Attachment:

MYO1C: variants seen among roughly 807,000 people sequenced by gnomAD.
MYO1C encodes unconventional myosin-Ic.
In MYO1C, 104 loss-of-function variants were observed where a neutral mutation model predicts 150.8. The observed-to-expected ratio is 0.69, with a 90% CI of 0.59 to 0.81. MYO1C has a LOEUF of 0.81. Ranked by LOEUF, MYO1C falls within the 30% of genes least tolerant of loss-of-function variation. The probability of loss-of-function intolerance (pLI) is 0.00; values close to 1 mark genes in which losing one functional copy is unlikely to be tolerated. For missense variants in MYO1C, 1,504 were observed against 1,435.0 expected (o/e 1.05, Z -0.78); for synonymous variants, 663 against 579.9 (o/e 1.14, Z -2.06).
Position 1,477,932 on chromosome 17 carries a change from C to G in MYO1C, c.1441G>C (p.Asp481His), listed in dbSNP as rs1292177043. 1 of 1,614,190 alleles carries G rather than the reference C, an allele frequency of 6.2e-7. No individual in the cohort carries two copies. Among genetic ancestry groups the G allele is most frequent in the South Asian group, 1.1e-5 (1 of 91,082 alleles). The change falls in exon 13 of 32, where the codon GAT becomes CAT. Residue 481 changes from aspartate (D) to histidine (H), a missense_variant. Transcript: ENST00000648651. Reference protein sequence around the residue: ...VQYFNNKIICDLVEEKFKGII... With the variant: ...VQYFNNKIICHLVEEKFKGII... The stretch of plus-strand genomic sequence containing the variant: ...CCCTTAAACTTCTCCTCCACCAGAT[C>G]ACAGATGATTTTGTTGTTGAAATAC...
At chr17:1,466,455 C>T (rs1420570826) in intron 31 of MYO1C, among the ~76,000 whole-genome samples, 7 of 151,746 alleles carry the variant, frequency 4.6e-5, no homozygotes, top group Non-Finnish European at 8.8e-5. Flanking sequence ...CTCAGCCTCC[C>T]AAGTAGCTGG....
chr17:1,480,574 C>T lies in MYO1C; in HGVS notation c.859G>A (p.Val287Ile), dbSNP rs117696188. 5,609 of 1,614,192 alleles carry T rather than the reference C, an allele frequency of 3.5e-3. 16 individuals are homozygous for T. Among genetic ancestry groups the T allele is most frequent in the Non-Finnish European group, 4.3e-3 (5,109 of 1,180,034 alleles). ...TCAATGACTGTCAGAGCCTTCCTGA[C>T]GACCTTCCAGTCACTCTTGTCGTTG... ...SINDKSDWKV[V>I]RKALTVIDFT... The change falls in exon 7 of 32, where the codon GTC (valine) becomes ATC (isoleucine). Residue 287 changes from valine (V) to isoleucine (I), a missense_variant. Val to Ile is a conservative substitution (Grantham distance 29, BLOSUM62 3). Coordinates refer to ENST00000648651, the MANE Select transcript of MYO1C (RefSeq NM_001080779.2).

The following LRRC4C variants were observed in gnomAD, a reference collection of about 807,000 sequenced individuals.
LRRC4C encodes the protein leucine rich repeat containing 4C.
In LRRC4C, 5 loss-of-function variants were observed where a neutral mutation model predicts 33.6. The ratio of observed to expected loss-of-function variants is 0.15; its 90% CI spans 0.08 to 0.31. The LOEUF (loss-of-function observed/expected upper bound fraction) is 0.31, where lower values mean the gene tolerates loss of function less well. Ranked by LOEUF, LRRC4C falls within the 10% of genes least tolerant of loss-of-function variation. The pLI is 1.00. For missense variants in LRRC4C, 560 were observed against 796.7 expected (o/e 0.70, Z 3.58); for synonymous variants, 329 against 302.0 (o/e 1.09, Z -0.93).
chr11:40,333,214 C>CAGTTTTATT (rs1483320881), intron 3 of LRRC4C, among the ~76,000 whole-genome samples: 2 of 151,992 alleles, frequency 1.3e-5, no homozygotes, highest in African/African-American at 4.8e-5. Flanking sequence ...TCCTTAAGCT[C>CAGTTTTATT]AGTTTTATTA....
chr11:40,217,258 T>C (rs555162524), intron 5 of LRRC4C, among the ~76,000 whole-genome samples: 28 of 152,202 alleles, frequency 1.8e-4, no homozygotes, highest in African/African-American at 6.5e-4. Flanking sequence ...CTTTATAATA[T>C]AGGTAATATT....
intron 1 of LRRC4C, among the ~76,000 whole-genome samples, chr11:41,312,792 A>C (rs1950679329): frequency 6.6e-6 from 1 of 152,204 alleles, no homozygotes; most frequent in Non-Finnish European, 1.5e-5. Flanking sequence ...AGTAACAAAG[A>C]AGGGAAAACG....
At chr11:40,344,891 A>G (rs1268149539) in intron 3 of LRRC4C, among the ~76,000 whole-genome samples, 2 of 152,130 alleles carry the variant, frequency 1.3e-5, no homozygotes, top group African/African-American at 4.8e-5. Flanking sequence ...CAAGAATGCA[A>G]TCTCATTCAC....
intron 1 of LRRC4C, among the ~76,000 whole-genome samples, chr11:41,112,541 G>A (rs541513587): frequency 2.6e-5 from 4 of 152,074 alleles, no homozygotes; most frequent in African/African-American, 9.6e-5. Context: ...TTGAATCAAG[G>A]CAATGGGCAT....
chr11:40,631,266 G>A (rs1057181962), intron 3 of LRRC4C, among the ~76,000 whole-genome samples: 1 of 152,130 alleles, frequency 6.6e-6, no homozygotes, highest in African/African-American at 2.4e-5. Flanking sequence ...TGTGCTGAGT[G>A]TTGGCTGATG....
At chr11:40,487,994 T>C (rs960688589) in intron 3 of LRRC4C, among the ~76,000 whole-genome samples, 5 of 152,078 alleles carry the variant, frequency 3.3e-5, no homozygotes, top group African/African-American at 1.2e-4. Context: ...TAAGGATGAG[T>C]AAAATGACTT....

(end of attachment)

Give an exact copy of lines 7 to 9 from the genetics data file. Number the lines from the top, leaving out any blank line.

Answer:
The following LRRC4C variants were observed in gnomAD, a reference collection of about 807,000 sequenced individuals.
LRRC4C encodes the protein leucine rich repeat containing 4C.
In LRRC4C, 5 loss-of-function variants were observed where a neutral mutation model predicts 33.6. The ratio of observed to expected loss-of-function variants is 0.15; its 90% CI spans 0.08 to 0.31. The LOEUF (loss-of-function observed/expected upper bound fraction) is 0.31, where lower values mean the gene tolerates loss of function less well. Ranked by LOEUF, LRRC4C falls within the 10% of genes least tolerant of loss-of-function variation. The pLI is 1.00. For missense variants in LRRC4C, 560 were observed against 796.7 expected (o/e 0.70, Z 3.58); for synonymous variants, 329 against 302.0 (o/e 1.09, Z -0.93).